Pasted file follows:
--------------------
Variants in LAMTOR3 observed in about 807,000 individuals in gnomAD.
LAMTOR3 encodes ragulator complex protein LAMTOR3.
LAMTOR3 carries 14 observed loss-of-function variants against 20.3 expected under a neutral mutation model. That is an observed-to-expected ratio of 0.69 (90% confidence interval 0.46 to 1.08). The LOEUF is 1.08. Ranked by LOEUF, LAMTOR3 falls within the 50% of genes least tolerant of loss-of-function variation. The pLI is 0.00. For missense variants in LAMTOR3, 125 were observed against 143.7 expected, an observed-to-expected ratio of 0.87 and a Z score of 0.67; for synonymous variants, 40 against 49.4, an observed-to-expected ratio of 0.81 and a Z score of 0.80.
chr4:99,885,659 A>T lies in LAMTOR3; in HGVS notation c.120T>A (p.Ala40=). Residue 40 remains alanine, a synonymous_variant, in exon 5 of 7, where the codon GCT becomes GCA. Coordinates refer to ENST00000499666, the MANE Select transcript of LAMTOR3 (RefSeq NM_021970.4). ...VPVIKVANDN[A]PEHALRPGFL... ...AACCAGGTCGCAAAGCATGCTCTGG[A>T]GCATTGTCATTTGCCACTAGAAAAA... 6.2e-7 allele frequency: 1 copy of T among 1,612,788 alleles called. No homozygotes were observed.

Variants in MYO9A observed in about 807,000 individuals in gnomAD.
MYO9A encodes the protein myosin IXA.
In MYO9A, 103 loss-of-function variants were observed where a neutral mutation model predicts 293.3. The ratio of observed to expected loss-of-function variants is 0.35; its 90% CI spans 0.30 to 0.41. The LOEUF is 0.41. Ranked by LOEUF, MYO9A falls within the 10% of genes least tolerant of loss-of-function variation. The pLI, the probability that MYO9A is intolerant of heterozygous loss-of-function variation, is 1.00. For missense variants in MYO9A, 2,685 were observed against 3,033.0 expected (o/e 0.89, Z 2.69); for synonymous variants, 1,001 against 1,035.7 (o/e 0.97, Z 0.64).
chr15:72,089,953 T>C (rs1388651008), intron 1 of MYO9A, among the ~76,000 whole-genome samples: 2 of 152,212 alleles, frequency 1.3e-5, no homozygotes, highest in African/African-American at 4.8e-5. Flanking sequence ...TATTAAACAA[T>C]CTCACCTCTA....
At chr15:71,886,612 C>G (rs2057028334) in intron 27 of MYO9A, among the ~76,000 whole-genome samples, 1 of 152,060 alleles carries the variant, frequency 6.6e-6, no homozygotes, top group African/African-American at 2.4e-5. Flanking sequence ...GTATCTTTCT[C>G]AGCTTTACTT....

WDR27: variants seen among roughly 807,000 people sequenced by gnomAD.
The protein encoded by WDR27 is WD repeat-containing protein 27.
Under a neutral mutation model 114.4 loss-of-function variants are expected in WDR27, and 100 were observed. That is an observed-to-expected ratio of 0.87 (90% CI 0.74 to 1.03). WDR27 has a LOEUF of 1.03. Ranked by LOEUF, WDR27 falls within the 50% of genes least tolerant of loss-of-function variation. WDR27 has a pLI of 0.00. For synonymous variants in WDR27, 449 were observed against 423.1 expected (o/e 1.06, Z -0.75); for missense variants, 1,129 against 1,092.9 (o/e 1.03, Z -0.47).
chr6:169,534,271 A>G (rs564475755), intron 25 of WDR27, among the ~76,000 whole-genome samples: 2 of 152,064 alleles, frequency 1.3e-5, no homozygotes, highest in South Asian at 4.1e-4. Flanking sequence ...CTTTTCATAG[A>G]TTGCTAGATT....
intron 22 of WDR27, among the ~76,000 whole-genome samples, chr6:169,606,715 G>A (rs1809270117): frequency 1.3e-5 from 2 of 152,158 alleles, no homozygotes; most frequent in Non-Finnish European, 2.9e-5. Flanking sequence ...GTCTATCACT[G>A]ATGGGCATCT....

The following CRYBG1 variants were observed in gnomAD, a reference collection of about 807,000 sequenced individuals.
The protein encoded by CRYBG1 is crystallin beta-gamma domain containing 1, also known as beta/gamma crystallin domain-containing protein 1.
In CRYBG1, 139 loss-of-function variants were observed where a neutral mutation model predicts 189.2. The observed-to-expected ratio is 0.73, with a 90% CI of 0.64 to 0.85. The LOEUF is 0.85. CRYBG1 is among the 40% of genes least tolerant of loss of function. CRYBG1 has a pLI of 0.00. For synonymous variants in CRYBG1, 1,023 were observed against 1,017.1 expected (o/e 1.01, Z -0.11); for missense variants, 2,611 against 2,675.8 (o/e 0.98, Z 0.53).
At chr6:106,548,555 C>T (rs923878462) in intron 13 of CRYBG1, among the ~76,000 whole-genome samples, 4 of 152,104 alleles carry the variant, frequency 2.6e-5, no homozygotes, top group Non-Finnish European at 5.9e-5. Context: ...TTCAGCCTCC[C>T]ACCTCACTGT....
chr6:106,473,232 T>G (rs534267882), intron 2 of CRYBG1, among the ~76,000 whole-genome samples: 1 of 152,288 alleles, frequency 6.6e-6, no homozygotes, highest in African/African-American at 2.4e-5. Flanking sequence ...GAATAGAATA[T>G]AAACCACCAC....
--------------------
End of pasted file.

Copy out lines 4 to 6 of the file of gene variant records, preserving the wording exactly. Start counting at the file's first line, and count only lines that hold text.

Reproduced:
chr4:99,885,659 A>T lies in LAMTOR3; in HGVS notation c.120T>A (p.Ala40=). Residue 40 remains alanine, a synonymous_variant, in exon 5 of 7, where the codon GCT becomes GCA. Coordinates refer to ENST00000499666, the MANE Select transcript of LAMTOR3 (RefSeq NM_021970.4). ...VPVIKVANDN[A]PEHALRPGFL... ...AACCAGGTCGCAAAGCATGCTCTGG[A>T]GCATTGTCATTTGCCACTAGAAAAA... 6.2e-7 allele frequency: 1 copy of T among 1,612,788 alleles called. No homozygotes were observed.

Variants in MYO9A observed in about 807,000 individuals in gnomAD.
MYO9A encodes the protein myosin IXA.